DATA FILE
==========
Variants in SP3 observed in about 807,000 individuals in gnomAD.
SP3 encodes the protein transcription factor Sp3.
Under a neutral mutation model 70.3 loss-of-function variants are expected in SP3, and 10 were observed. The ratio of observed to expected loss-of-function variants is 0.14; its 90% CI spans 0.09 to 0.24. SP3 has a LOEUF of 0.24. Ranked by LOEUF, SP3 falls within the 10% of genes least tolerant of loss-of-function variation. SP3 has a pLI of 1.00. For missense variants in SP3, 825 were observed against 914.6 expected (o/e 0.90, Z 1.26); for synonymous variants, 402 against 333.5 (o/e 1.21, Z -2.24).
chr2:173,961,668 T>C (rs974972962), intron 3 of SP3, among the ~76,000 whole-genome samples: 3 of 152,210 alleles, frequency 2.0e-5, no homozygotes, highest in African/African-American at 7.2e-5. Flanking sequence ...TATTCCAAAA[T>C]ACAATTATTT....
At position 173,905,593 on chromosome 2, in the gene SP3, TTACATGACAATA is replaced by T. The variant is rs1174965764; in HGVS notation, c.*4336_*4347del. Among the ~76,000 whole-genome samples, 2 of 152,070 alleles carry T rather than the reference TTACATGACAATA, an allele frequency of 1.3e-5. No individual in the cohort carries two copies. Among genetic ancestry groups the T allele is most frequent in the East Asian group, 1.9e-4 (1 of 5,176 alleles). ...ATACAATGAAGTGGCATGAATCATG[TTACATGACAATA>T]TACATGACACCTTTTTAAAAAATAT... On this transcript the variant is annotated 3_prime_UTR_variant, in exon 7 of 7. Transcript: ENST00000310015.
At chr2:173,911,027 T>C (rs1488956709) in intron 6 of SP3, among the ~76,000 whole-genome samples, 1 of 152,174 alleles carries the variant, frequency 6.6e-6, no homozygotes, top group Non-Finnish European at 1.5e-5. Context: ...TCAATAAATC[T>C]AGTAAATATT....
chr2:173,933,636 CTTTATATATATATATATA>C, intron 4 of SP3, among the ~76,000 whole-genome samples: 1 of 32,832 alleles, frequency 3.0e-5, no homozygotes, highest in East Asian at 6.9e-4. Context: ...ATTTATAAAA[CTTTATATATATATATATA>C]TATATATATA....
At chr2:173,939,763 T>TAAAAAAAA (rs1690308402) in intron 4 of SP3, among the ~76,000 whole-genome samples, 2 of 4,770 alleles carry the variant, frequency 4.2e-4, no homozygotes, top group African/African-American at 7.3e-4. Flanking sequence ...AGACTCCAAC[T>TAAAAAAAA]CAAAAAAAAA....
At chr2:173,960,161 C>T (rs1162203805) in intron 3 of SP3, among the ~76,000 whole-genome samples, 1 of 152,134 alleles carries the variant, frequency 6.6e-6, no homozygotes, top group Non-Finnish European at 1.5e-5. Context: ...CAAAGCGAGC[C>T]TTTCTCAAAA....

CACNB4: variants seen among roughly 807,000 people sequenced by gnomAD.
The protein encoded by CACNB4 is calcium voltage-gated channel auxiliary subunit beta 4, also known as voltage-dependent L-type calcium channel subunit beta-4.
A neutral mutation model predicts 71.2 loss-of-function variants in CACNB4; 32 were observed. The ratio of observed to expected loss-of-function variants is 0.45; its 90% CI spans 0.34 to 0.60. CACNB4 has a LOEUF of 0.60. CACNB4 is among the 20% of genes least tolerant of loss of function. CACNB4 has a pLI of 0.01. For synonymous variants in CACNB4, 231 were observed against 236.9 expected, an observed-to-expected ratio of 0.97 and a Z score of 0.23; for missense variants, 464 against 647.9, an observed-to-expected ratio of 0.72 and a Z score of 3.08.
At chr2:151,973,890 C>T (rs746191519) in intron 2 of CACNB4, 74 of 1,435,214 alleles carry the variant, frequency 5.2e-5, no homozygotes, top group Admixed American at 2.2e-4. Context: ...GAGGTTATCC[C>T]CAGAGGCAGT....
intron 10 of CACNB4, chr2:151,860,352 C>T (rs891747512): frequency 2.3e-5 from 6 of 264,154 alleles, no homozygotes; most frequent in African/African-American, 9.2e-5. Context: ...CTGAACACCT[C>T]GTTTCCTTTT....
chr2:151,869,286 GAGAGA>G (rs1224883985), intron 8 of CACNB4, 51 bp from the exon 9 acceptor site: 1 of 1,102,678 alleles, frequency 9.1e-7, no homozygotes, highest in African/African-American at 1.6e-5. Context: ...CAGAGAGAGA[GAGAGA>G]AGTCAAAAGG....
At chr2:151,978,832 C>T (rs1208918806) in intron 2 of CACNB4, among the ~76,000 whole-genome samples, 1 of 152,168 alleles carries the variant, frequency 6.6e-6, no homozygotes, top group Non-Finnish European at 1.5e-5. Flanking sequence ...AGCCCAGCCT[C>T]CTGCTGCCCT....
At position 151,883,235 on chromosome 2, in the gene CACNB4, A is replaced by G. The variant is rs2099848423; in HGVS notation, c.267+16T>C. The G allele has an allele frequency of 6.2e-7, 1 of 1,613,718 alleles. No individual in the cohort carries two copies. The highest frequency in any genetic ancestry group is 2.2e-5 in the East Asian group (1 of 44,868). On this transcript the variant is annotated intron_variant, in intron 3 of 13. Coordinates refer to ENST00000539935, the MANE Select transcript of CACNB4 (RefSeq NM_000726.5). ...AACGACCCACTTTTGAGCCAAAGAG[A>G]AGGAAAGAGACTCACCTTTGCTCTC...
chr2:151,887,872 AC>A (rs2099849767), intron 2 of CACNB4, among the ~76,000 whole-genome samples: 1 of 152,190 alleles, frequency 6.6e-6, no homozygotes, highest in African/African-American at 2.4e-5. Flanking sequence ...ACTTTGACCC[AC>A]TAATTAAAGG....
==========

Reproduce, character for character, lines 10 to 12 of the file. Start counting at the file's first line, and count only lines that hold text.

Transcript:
CACNB4: variants seen among roughly 807,000 people sequenced by gnomAD.
The protein encoded by CACNB4 is calcium voltage-gated channel auxiliary subunit beta 4, also known as voltage-dependent L-type calcium channel subunit beta-4.
A neutral mutation model predicts 71.2 loss-of-function variants in CACNB4; 32 were observed. The ratio of observed to expected loss-of-function variants is 0.45; its 90% CI spans 0.34 to 0.60. CACNB4 has a LOEUF of 0.60. CACNB4 is among the 20% of genes least tolerant of loss of function. CACNB4 has a pLI of 0.01. For synonymous variants in CACNB4, 231 were observed against 236.9 expected, an observed-to-expected ratio of 0.97 and a Z score of 0.23; for missense variants, 464 against 647.9, an observed-to-expected ratio of 0.72 and a Z score of 3.08.